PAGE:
SHRM President and Chief Executive Officer Johnny C. Taylor, Jr., SHRM-SCP, is answering HR questions as part of a series for USA Today. The questions are submitted by readers, and Taylor’s answers below have been edited for length and clarity.
Do you have an HR or work-related question you’d like him to answer? Submit it here.
My office will not be reopening for the foreseeable future. Before we shut down, the office gym was popular among employees. Since it’s no longer open, how can my company provide more health and wellness benefits? What are some examples? —Anonymous
Johnny C. Taylor, Jr.: Your question is spot on. A major part of creating a positive workplace culture is ensuring employers are supporting their workers both physically and mentally.
As we welcome a new year, there are several things employers can do to provide health and wellness benefits—and the good news is, some of them are likely already in place. After all, 58 percent of organizations offered general wellness programs in 2019.
Step one is to look at your health insurance and employee assistance programs (EAPs). Even in these strange times, I imagine there are plenty of virtual wellness options to choose from. While you mentioned your office gym is closed, EAPs may offer exercise and wellness classes like virtual boot camps or yoga as well as cooking and nutrition classes.
If you and your colleagues are missing the office camaraderie like so many of us are, you could also suggest fun, health-focused activities like a step contest or a healthy cooking competition.
Going further, I cannot highlight enough the importance of providing access to mental health services. EAPs often include resources that connect employees with a provider for their mental and emotional health needs. With 41 percent of workers feeling burned out as a result of the pandemic, these resources can help employees navigate these incredibly challenging times.
If your employer doesn’t—or can’t—provide such a program, ask your HR team if they can compile resources and information from your local health department to share with employees.
If you really want to make your health and wellness program unique to your workforce, survey those who know it best: employees. An employee poll can reveal what sparks their interest.
I’m willing to bet you’ll get plenty of responses to help you determine the kinds of benefits best suited for the employees at your organization. Some may even have recommendations and referrals you might have overlooked.
Whatever you decide, don’t forget to measure employee engagement to help you refine your program throughout the year. Good luck on what I’m certain will be the start of a healthy journey for your organization!
Our company policy is that everyone must wear a mask while in the building, even at your desk. I have one supervisor who pulls his mask off while at his desk and has his nose uncovered when walking through the office. As the HR manager, I have spoken to him about the need for personal protective equipment. This seems to only last as long as HR is in the vicinity. How should I handle this situation? —Anonymous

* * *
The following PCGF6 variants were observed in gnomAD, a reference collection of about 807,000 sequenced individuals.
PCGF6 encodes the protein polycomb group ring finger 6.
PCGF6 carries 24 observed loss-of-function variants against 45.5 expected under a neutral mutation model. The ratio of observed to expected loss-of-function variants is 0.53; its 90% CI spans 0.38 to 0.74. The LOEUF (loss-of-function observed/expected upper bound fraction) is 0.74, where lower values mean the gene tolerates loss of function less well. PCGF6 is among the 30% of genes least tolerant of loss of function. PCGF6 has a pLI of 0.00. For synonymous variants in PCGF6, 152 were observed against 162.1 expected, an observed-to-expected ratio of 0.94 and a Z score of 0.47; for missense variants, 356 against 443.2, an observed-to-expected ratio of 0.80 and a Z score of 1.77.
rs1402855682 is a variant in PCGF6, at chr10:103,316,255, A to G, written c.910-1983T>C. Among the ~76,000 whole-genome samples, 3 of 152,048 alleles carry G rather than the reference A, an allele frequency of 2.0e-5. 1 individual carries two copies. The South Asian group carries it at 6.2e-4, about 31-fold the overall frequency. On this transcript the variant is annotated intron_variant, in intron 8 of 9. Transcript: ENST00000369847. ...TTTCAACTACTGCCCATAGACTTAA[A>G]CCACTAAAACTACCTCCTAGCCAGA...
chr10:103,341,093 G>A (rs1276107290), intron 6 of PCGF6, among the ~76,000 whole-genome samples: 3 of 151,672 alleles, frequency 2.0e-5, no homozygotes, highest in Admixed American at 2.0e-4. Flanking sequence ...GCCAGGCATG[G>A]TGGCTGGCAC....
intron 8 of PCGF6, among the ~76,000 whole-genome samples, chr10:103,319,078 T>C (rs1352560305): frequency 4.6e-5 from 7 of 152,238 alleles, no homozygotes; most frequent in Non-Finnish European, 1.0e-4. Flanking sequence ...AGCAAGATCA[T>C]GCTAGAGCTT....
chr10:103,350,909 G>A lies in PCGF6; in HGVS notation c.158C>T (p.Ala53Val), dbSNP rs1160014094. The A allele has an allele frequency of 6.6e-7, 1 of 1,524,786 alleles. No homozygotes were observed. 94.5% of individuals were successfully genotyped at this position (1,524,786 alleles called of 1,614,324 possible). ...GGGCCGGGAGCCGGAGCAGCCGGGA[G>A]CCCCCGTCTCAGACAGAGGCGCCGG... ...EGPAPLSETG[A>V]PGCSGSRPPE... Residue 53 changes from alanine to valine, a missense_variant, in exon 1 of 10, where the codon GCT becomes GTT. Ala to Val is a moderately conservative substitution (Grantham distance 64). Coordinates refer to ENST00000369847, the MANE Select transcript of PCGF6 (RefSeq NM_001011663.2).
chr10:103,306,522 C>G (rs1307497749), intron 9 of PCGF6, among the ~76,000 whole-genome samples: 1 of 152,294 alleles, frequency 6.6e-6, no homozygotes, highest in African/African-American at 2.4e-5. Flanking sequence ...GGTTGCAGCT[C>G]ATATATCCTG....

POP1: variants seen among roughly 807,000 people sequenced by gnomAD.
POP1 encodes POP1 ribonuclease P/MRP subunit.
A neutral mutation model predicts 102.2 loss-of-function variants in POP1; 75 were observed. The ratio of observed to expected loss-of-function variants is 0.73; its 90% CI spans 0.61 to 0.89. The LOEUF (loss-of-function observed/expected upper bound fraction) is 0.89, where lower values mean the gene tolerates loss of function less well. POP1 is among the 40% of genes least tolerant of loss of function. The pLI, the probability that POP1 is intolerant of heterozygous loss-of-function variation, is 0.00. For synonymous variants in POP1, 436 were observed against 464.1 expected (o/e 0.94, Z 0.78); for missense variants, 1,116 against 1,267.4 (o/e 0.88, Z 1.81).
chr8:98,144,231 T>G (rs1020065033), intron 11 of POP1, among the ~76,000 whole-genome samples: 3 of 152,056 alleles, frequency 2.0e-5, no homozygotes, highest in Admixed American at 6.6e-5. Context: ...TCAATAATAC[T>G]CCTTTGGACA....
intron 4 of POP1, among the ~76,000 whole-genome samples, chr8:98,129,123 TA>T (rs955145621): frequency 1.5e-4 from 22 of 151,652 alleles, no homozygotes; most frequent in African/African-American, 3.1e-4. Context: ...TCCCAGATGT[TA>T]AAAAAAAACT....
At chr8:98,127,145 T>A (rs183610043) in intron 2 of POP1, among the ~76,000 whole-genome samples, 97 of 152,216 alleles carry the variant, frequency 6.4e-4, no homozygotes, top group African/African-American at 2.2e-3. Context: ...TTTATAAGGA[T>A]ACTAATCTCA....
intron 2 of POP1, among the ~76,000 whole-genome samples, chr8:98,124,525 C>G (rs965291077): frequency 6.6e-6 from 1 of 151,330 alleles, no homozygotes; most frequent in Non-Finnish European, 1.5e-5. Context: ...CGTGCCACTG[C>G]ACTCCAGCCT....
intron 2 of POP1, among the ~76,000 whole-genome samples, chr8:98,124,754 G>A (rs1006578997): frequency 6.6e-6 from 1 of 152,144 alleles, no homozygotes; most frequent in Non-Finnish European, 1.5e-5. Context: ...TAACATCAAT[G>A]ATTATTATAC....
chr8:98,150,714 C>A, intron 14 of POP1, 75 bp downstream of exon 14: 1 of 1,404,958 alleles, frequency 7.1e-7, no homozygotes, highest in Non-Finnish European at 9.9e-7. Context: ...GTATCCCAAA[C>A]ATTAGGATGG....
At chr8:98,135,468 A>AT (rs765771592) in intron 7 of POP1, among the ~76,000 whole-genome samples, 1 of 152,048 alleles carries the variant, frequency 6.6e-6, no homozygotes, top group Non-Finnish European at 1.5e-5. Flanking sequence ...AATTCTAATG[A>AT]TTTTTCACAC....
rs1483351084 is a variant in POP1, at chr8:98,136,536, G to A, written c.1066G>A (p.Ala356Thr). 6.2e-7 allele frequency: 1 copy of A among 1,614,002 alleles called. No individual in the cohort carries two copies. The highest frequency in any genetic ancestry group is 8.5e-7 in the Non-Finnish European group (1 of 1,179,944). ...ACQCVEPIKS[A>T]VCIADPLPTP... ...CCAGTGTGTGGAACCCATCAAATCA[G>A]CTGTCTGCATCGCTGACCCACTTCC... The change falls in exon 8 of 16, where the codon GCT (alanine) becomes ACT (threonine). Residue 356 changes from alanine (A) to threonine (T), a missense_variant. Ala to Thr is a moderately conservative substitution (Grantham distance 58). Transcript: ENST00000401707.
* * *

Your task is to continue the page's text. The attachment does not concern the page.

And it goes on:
Johnny C. Taylor, Jr.: The answer is in your question—it’s your company’s policy for employees to wear a mask when inside the workplace. Unless there is a legitimate health or safety reason, or a sincerely held religious belief, everyone at the worksite should comply.
As an HR manager, you know this: Organizations must provide a reasonably safe environment for their workforce. But we can’t create a hazard-free workspace if there’s no follow-through. Policy is rule for a reason, and if employees aren’t getting the message, employers may need to reinforce measures to ensure a healthy worksite, up to and including disciplinary measures.
The Equal Employment Opportunity Commission says employers can mandate employees to wear masks or other protective clothing, such as gloves and gowns, during a pandemic—something many employers are considering. In fact, 86 percent of organizations are implementing or considering the required use of personal protective equipment.
Masks are also recommended by the Centers for Disease Control and Prevention, and certain states and municipalities have their own mask requirement laws.
There are, of course, exceptions to the rule. Accommodations may be necessary under the Americans with Disabilities Act for employees with disabilities, or a sincerely held religious belief may prevent an employee from wearing a mask.
It sounds like you’ve already taken the steps to speak to this employee. Continue to respectfully, but firmly, stress the importance of wearing a mask at the worksite. It’s not just a single employee that could be impacted, but the entire organization. The HR team can continue to communicate your company’s policy on masks through e-mails, signs around the office and verbally during meetings.
You mention that this person is a supervisor, but supervisors must lead by example. When leaders refuse to wear masks, it sends a message to the whole team that this behavior might be acceptable, when that’s not the reality of your company.
May your team remain safe in the new year!